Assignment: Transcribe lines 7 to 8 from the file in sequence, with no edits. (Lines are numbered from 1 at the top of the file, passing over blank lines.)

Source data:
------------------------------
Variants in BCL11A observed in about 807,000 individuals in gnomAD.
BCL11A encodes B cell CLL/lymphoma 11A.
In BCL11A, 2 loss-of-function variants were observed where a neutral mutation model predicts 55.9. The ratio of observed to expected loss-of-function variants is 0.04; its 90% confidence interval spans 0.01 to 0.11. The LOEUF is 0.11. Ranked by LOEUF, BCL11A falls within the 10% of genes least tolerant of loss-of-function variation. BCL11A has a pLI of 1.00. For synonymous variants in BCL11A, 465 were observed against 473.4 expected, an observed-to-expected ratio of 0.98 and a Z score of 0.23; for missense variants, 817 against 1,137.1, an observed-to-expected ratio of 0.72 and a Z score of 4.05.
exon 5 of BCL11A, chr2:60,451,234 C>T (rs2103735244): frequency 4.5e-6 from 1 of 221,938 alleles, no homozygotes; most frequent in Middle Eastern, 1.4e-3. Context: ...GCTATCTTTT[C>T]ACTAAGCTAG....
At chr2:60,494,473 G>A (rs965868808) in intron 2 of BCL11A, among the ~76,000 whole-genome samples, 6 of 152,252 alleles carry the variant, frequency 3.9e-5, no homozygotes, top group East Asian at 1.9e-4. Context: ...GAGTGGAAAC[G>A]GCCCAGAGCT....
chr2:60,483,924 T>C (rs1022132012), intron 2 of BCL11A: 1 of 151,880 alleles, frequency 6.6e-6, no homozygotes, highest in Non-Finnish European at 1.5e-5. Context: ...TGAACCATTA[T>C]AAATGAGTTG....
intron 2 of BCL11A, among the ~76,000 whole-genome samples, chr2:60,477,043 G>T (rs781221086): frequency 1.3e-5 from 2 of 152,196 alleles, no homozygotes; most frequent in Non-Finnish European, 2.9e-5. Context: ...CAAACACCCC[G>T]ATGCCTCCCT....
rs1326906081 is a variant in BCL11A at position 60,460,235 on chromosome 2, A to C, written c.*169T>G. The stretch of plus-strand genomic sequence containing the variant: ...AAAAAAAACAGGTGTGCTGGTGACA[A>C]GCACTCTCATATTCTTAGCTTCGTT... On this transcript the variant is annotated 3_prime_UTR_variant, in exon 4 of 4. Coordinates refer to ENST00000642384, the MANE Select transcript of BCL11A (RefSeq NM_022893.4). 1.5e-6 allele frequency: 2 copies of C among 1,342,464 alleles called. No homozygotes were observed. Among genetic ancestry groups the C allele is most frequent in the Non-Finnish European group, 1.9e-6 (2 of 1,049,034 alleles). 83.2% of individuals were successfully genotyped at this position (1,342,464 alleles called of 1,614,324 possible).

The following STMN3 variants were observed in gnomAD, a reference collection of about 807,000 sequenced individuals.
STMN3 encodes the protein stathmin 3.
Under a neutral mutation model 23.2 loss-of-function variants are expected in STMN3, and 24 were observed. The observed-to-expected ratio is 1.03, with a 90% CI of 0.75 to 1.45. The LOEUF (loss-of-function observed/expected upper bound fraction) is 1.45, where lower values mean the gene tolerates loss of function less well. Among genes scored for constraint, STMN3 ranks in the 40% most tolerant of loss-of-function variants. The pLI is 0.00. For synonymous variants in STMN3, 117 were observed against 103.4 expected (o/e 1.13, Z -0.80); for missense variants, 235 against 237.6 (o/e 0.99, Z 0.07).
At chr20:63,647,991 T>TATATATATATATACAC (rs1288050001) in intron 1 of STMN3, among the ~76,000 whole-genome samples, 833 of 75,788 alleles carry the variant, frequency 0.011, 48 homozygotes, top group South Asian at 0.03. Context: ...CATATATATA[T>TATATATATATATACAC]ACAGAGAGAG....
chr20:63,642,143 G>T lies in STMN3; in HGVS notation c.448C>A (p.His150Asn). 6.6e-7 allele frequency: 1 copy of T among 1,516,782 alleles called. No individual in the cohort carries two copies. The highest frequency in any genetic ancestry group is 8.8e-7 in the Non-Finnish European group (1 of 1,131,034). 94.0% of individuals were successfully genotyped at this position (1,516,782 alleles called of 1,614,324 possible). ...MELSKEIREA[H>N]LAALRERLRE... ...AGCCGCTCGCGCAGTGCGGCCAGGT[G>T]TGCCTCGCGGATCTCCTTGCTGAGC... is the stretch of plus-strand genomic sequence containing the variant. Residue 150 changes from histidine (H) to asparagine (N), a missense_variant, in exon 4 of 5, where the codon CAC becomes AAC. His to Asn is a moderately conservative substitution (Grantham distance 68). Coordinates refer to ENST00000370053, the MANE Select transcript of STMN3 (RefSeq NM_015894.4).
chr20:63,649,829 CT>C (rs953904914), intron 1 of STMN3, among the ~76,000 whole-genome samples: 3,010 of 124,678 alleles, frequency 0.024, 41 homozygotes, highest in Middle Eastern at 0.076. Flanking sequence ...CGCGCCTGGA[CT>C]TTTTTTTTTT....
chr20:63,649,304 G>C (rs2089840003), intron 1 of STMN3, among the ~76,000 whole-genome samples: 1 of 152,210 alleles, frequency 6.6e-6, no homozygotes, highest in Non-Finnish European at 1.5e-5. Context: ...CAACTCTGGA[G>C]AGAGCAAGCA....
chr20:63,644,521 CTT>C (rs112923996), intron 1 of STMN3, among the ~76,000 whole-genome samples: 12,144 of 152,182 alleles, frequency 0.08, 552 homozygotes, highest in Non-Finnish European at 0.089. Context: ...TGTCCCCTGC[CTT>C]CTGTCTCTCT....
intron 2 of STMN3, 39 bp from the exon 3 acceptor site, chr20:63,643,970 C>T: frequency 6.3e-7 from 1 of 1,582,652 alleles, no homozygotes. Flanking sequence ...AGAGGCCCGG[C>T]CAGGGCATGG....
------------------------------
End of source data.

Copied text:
intron 2 of BCL11A, among the ~76,000 whole-genome samples, chr2:60,477,043 G>T (rs781221086): frequency 1.3e-5 from 2 of 152,196 alleles, no homozygotes; most frequent in Non-Finnish European, 2.9e-5. Context: ...CAAACACCCC[G>T]ATGCCTCCCT....
rs1326906081 is a variant in BCL11A at position 60,460,235 on chromosome 2, A to C, written c.*169T>G. The stretch of plus-strand genomic sequence containing the variant: ...AAAAAAAACAGGTGTGCTGGTGACA[A>C]GCACTCTCATATTCTTAGCTTCGTT... On this transcript the variant is annotated 3_prime_UTR_variant, in exon 4 of 4. Coordinates refer to ENST00000642384, the MANE Select transcript of BCL11A (RefSeq NM_022893.4). 1.5e-6 allele frequency: 2 copies of C among 1,342,464 alleles called. No homozygotes were observed. Among genetic ancestry groups the C allele is most frequent in the Non-Finnish European group, 1.9e-6 (2 of 1,049,034 alleles). 83.2% of individuals were successfully genotyped at this position (1,342,464 alleles called of 1,614,324 possible).